Foreign agency ran secret spy operation out of GCSB for years

Foreign agency ran secret spy operation out of GCSB for years
Photo credit: RNZ

Story by Phil Pennington and Ben Strang of RNZ

A foreign agency ran a spy operation out of New Zealand's Government Communications Security Bureau for years without the government knowing.

The Inspector General of Intelligence and Security has revealed this in an investigation out on Thursday.

It has found the GCSB knew when it agreed to host the signals intelligence system it could be used to support "military operations by foreign partners".

"The capability clearly had the potential to be used, in conjunction with other intelligence sources, to support military action against targets," the report by IGIS Brendan Horsley said.

The system operated from 2013 until 2020, when it was stopped by an equipment failure.

But government ministers were not told despite the agency knowing how sensitive it was.

The current GCSB senior leadership and legal team "apparently knew nothing of the system".

"It was 'rediscovered' at a senior level following concerns being raised in 2020 about another partner system hosted by GCSB.".

The system was of no benefit to the GCSB, which did not know what the outcome of the spying was, the inquiry said.

It faulted the GCSB for agreeing in 2010 to host the system:

  • without any due diligence
  • without full visibility
  • with inadequate record-keeping
  • without adequate training, support or guidance staff
  • with negligible awareness of the system at a senior level within the GCSB.

"I note that the risk of GCSB support for the capability contributing to military action was moderated significantly by the geographical limits of GCSB collection," Horsley said.

"However, I find that the way in which the capability was operated meant that the Bureau could not be sure the tasking of the capability was always in accordance with Government intelligence requirements, New Zealand law and the provisions of the MOU."

"I was concerned that the Bureau had apparently decided to host in New Zealand a signals intelligence system controlled by a foreign partner agency without seeking ministerial approval and without subsequently informing its minister of the system's existence or purpose," the inspector general said.

The report added: "It seems clear the decision to sign the MOU [memorandum of understanding ] and host the capability was not put to the Minister responsible for the GCSB, or any other Minister.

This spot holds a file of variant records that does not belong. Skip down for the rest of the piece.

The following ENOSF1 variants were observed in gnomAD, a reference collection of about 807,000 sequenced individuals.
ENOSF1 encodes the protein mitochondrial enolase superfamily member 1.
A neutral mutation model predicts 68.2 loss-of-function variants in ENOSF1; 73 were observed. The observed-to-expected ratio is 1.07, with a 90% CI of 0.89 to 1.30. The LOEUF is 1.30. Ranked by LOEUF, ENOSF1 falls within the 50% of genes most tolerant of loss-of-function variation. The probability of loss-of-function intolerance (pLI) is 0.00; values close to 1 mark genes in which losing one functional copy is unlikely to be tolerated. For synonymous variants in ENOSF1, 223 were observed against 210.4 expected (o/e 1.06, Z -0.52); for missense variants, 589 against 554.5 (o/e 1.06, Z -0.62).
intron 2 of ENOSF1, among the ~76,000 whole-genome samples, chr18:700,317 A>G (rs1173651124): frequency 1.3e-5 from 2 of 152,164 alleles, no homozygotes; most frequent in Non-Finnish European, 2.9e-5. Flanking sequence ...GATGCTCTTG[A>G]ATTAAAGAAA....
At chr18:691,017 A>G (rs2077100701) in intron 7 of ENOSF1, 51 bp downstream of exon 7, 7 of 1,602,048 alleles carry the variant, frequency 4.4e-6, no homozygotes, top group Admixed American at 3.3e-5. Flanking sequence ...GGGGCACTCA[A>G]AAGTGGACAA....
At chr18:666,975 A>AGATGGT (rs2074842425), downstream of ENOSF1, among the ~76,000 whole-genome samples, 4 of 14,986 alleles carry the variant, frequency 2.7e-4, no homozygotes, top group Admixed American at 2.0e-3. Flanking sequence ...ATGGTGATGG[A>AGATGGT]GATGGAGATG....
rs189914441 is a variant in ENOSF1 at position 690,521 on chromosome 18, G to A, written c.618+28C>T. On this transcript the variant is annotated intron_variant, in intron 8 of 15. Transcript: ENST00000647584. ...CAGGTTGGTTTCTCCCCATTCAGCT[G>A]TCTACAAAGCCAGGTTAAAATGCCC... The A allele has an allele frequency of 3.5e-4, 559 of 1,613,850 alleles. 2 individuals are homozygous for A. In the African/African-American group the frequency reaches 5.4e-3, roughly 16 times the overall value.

"This inquiry found no record of any Ministerial briefing or decision, nor any reference to any having occurred. It found no record of the Minister having been informed of the matter at all."

But strictly speaking, it acted within the rules.

"Though the authorisation process for intelligence sharing at the time seems manifestly inadequate, a Ministerial authorisation in place in 2012 for the GCSB to share intelligence and cooperate with the foreign partner was broad enough to cover the capability and so the decision to host the system without further Ministerial approval was lawful," he found.

"It was improper, however, for the GCSB to decide on hosting the capability without bringing it to the Minister's attention. By doing so it failed to respect and enable Ministerial control of the agency."

The head of the bureau, Simon Murdoch, in 2011 had questions as he worked on the MOU, noting in an email that the legal team would need to be closely involved and that it would potentially require the awareness or consent of the minister, as well as consultation with the IGIS.

"This inquiry found no record that the legal analysis, consultation and engagement with the Minister or IGIS contemplated ... occurred."

Murdoch was replaced by Ian Fletcher in February 2012, and the inquiry found no evidence Fletcher was told about the capability, and Fletcher could not recall having been briefed on it.

Could it happen again?

The transition between GCSB directors remained "a vulnerable point", Horsley said - but, overall, it was much less likely to be repeated.

"The Bureau, its operations, its governing statute, its policies and compliance systems have changed significantly over the period in which the capability operated, and since.

"I also consider it less likely that the Bureau, after having entered an agreement with a partner agency, would implement it as poorly as it implemented" the (MOU) for the spy system.

The bureau's administration and record keeping were much better. Since 2021, both it and the SIS have had to keep a centralised register of foreign cooperation agreements, as the IGIS previously recommended.

"All arrangements must be approved and signed by the Director-General or delegate, or the Minister where the arrangement involves new policy."

Horsley has recommended the bureau compile a register of collection or analysis capabilities in New Zealand that are operated by foreign partners, and audit its systems.

Any international agreements needed regular review, and his office wanted to see them.